Quitting somehow bears a negative connotation with it.
That when you quit, you are weak, demotivated, or lacking in the hope that things will get better. That all you need is to push a little more, and hopefully, you’ll be able to break down the wall.
But what if there’s no wall in the path you chose to take. What if it’s really a dead end. And that the more you push forward, the more you waste your precious time and strength.
If that’s the case, how should we go about it?
But sometimes, you decide not to quit even if it makes sense because you have already invested so much into the choice you made. And this is a problem.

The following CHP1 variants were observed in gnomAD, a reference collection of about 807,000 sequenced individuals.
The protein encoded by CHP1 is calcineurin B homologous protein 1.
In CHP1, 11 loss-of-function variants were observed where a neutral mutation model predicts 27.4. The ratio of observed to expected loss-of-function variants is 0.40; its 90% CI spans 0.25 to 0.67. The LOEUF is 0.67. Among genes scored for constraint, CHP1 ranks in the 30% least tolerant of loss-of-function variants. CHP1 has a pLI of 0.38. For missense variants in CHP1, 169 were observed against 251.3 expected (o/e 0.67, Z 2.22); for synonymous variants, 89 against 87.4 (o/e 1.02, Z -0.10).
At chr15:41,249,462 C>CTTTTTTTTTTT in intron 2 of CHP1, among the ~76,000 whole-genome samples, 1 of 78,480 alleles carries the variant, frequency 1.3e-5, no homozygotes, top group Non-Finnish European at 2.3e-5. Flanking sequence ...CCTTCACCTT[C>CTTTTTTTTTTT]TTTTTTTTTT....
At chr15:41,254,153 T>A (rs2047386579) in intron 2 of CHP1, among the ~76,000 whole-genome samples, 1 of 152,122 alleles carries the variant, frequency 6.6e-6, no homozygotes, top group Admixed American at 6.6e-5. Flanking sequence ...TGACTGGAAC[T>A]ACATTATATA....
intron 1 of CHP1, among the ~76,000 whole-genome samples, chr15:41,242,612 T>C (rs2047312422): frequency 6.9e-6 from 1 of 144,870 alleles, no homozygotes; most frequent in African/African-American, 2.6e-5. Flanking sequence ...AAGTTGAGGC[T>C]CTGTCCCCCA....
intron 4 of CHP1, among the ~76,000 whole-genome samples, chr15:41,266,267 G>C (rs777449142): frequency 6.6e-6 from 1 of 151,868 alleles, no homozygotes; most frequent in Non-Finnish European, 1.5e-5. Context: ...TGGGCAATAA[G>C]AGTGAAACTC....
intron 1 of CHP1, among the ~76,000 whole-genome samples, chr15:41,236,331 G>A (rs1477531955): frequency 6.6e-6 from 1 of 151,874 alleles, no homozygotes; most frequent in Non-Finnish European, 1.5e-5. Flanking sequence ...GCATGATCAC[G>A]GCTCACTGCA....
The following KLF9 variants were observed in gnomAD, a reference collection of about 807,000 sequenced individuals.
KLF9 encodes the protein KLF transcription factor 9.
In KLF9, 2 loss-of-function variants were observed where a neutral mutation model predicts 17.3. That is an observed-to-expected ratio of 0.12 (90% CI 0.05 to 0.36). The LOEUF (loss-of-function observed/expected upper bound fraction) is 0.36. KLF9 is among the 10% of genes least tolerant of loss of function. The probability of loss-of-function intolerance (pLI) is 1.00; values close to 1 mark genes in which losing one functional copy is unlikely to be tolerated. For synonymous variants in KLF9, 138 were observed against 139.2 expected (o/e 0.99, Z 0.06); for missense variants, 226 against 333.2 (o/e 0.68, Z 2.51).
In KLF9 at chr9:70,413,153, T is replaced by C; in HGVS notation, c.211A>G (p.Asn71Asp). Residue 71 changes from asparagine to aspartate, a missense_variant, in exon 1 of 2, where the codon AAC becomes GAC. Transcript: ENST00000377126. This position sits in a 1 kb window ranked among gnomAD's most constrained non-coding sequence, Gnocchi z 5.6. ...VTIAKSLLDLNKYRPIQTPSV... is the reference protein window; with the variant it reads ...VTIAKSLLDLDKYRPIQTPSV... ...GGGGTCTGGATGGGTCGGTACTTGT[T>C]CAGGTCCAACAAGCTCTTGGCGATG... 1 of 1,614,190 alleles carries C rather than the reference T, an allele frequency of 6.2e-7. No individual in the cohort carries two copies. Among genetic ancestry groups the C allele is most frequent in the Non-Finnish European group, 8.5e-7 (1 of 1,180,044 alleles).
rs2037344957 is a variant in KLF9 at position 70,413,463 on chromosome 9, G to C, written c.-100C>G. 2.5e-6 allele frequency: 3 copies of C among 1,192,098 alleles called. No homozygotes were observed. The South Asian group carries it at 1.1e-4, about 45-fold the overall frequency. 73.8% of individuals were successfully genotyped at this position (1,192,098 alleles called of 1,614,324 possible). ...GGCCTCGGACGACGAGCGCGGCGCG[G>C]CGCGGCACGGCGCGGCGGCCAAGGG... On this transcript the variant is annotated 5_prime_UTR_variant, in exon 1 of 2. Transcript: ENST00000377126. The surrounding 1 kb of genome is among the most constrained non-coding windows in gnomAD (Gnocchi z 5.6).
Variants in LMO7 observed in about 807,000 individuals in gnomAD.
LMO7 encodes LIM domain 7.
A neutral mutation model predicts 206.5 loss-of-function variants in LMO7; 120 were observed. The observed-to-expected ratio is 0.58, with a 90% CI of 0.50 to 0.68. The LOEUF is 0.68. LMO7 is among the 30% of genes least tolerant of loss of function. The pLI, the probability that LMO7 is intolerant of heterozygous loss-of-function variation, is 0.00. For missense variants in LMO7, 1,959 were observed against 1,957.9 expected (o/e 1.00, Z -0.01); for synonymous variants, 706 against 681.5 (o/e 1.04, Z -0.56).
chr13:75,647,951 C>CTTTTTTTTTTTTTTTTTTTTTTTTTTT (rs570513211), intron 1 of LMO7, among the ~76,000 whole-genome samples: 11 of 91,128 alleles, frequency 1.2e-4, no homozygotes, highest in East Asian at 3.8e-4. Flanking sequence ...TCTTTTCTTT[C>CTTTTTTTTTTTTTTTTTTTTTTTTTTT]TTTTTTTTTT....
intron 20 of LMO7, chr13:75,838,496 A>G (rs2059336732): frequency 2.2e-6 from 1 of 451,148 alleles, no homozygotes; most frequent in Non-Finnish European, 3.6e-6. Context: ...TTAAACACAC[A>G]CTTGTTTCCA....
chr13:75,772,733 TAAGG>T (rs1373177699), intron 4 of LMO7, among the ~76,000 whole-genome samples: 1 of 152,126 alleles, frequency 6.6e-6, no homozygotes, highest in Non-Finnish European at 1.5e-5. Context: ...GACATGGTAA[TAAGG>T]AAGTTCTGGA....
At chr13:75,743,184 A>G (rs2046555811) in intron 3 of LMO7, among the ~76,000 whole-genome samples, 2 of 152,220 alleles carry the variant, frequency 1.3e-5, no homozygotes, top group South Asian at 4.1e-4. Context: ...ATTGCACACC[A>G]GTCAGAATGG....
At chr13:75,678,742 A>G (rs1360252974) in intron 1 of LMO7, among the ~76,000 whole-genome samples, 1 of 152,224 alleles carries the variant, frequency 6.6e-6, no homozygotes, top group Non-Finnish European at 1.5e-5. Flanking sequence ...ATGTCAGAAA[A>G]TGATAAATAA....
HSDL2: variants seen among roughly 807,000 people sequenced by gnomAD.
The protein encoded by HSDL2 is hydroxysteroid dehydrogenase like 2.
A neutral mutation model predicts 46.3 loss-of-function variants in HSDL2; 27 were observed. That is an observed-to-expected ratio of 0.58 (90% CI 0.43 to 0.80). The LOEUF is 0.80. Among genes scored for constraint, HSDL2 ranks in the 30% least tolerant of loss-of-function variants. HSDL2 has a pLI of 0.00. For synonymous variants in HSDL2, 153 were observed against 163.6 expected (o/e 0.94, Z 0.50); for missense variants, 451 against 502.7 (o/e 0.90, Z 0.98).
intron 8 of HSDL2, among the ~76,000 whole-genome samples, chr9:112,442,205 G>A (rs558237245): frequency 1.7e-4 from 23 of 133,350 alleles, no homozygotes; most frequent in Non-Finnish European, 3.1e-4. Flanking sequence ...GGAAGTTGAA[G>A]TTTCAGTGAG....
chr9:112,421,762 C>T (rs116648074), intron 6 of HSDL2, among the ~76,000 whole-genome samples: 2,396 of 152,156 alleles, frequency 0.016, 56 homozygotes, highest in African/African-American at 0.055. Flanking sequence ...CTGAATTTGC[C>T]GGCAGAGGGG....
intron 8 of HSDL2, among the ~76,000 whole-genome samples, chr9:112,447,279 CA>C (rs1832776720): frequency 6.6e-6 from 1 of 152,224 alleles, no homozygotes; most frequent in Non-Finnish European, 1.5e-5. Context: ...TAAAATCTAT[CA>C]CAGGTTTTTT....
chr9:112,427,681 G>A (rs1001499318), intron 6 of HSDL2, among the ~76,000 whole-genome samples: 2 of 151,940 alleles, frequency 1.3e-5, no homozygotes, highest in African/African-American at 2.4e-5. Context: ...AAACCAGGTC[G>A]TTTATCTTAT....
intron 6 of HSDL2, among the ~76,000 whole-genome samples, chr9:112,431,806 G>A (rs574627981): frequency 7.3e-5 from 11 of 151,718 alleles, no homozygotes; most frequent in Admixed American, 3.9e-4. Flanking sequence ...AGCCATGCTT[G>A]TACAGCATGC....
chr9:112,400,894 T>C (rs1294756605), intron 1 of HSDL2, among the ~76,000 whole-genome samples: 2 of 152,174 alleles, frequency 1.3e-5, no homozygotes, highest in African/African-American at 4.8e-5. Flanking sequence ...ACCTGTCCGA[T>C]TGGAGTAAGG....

I wrote that sunk cost is the idea that what you have decided or spent in the past cannot be recovered from a previous post. You can go and check the full post here.
Another problem I see why people don’t quit when it makes sense is that they have too much optimism. Often, too much optimism is dangerous. Why? Because you become blinded to what’s real.
This is not about quitting on the things that you pray about for miracles.
This is about quitting on things when quitting makes the most sense. When quitting makes you do better things. When quitting makes you better.
And it takes a lot of wisdom to know when to quit.